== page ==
LOUISVILLE, Ky. (WDRB) – Bob Baffert had been a little melancholy about his absence from the 143rd Kentucky Derby. He’d had a kind of “party’s over” feeling after leading American Phaorah to the Triple Crown and returning with Mor Spirit, who finished 10th a year ago.

Baffert joked that he’d be slinking out of town like a golfer who misses the cut at the Masters. But he wasn’t joking about not sticking around for the Derby this year.  He plans to fly back to California Saturday morning and watch the race comfortably from his home, within view of his Triple Crown trophy.

If he wants, he’ll be able to take one more trophy with him. Baffert showed Friday that he hasn’t quite exhausted his supply of Churchill Downs magic, saddling 9-1 shot Abel Tasman, the fourth choice in a field of 14, in a 1 1/4 –length victory in the $1 million Kentucky Oaks before a crowd of 105,100.

Taking advantage of quick early fractions by unbeaten Paradise Woods and Miss Sky Warrior, Abel Tasman sauntered out of the gate and tucked inside, was steadied by jockey Mike Smith and then went to work with three furlongs to go, sweeping six-wide into the lane then pulling ahead at the three-sixteenths pole before drawing away.

A jubilant Baffert and his son, Bode, provided memes for a month when both “dabbed” in the winner’s circle.

“We ruined our shoes and our sport coats, but it was well worth it,” said Baffert, who won the Oaks for the third time. “. . . To win the Kentucky Oaks, it’s a great honor. These two days of racing, it’s the biggest stage in the country. So, when you can do that when everybody is watching, it makes it better.”

Abel Tasman, a Kentucky-bred daughter of Quality Road out of the Deputy Minister mare Vargas Girl, covered the 1 1/8 mile in 1:51.62 over a sloppy track. She is owned by China Horse Club and Clearsky Farms.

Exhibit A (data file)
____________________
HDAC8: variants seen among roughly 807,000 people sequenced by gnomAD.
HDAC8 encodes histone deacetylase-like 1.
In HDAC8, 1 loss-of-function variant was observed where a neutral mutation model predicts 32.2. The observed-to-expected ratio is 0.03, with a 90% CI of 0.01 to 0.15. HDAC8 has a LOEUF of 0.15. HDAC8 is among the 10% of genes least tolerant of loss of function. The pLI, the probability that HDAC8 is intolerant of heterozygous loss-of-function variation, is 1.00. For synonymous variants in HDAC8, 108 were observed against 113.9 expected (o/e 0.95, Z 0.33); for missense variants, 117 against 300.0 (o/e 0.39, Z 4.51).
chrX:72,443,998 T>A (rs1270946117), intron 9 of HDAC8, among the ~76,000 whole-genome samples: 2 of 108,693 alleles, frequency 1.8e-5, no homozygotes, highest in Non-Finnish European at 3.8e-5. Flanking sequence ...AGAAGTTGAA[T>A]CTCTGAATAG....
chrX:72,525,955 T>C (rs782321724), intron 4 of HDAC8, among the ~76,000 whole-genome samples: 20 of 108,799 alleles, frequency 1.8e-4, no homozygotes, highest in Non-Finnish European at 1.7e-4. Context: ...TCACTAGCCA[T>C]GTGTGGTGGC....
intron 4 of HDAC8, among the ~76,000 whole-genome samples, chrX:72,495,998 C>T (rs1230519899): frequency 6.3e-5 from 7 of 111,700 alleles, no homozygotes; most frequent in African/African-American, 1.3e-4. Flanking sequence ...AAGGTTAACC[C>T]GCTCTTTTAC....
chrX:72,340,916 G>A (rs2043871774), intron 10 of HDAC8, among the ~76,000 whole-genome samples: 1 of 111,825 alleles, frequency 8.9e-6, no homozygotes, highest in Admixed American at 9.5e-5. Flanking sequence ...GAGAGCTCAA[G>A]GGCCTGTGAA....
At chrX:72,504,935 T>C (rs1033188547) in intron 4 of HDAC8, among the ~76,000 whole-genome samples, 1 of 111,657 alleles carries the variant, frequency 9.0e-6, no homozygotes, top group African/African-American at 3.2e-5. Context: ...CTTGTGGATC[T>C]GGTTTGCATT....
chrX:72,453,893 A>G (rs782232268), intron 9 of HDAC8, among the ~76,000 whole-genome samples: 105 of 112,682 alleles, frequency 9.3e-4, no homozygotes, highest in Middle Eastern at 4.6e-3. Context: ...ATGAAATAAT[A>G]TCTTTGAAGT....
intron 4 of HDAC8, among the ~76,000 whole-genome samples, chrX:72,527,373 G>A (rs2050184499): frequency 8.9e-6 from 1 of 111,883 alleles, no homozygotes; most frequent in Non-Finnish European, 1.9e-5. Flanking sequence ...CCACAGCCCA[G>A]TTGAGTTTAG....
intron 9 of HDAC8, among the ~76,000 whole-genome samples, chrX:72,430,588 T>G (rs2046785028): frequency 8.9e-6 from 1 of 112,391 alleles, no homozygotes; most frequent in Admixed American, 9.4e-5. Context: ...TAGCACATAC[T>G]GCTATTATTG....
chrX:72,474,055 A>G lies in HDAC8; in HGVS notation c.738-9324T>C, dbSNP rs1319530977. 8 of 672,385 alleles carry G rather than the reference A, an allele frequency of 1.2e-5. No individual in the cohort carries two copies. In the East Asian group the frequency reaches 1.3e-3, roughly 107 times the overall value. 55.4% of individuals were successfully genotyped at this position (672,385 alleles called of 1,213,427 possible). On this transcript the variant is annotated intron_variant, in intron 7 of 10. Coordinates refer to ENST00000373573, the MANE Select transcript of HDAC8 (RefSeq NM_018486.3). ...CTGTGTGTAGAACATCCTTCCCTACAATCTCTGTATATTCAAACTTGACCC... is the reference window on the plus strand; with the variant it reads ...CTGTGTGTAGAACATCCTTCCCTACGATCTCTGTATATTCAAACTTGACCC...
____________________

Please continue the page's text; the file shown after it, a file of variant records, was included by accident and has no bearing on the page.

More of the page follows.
Smith, who won the Oaks for the second time, said he just watched the leaders burn it up and waited for his chance.

“I didn’t expect to be that far back,” said Smith, who was last after a quarter mile and 13th after a half. “But I wanted to make my way over to the rail. . . . They were going really fast. I actually rode her, and I was still that far back. I knew they were running really quick, especially for that racetrack. . . . Once I got her to the rail, she was really having trouble with it, but when we got out to the crown, out in the middle, she seemed to level off and we got back in the race.”

Baffert says he has a pattern in Louisville. If a horse runs and doesn’t win, the family will go to a sports bar to eat after the races. If they win, they’ll go to a nice steakhouse.

In the middle of the backstretch, Baffert said his wife, Jill, said, “I guess we’re eating at the sports bar tonight.”

Not quite. Baffert managed another big one, even if he doesn’t have a colt in the biggest race.

“If I had something in, I’d stay,” he said. “But if I don’t have anything in – I don’t know what I’d do with myself. I need to have something to get me nervous or some challenge or whatever.”

After being pressed hard early, Paradise Woods faded back to 11th. Trainer Richard Mandella said, “What are you going to do? The big race at Santa Anita (her last win, the Santa Anita Oaks) might’ve taken too much out of her.”

Kelly Breen, trainer of Miss Sky Warrior, said she lost a shoe around the first turn.

The crowd was the 11th-largest in Oaks history, but down nearly 20,000 from last year’s attendance, because of the cold, wet weather.

“Crappy weather,” Baffert said. “But a great day for us. I’m happy for this filly.”

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